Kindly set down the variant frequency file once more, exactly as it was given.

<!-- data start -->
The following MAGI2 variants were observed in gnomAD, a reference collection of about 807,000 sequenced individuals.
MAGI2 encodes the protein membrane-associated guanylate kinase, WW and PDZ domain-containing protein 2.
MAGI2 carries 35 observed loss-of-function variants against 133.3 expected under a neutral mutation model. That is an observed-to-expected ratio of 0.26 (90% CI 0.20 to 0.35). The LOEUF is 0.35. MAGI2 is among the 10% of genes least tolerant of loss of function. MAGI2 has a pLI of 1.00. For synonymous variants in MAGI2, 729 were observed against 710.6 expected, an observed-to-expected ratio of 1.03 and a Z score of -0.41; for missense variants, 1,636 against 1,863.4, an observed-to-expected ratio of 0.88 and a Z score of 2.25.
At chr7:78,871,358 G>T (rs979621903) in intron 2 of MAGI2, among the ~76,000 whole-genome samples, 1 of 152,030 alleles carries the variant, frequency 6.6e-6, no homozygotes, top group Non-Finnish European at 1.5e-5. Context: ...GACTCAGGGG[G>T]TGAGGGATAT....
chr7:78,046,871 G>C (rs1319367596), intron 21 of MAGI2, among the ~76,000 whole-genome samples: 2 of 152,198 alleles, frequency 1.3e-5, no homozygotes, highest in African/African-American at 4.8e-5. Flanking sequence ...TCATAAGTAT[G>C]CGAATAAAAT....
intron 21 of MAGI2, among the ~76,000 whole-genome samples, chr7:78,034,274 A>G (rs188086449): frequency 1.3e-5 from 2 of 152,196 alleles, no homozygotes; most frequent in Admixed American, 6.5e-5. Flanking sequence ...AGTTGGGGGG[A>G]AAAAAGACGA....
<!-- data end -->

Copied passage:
The following MAGI2 variants were observed in gnomAD, a reference collection of about 807,000 sequenced individuals.
MAGI2 encodes the protein membrane-associated guanylate kinase, WW and PDZ domain-containing protein 2.
MAGI2 carries 35 observed loss-of-function variants against 133.3 expected under a neutral mutation model. That is an observed-to-expected ratio of 0.26 (90% CI 0.20 to 0.35). The LOEUF is 0.35. MAGI2 is among the 10% of genes least tolerant of loss of function. MAGI2 has a pLI of 1.00. For synonymous variants in MAGI2, 729 were observed against 710.6 expected, an observed-to-expected ratio of 1.03 and a Z score of -0.41; for missense variants, 1,636 against 1,863.4, an observed-to-expected ratio of 0.88 and a Z score of 2.25.
At chr7:78,871,358 G>T (rs979621903) in intron 2 of MAGI2, among the ~76,000 whole-genome samples, 1 of 152,030 alleles carries the variant, frequency 6.6e-6, no homozygotes, top group Non-Finnish European at 1.5e-5. Context: ...GACTCAGGGG[G>T]TGAGGGATAT....
chr7:78,046,871 G>C (rs1319367596), intron 21 of MAGI2, among the ~76,000 whole-genome samples: 2 of 152,198 alleles, frequency 1.3e-5, no homozygotes, highest in African/African-American at 4.8e-5. Flanking sequence ...TCATAAGTAT[G>C]CGAATAAAAT....
intron 21 of MAGI2, among the ~76,000 whole-genome samples, chr7:78,034,274 A>G (rs188086449): frequency 1.3e-5 from 2 of 152,196 alleles, no homozygotes; most frequent in Admixed American, 6.5e-5. Flanking sequence ...AGTTGGGGGG[A>G]AAAAAGACGA....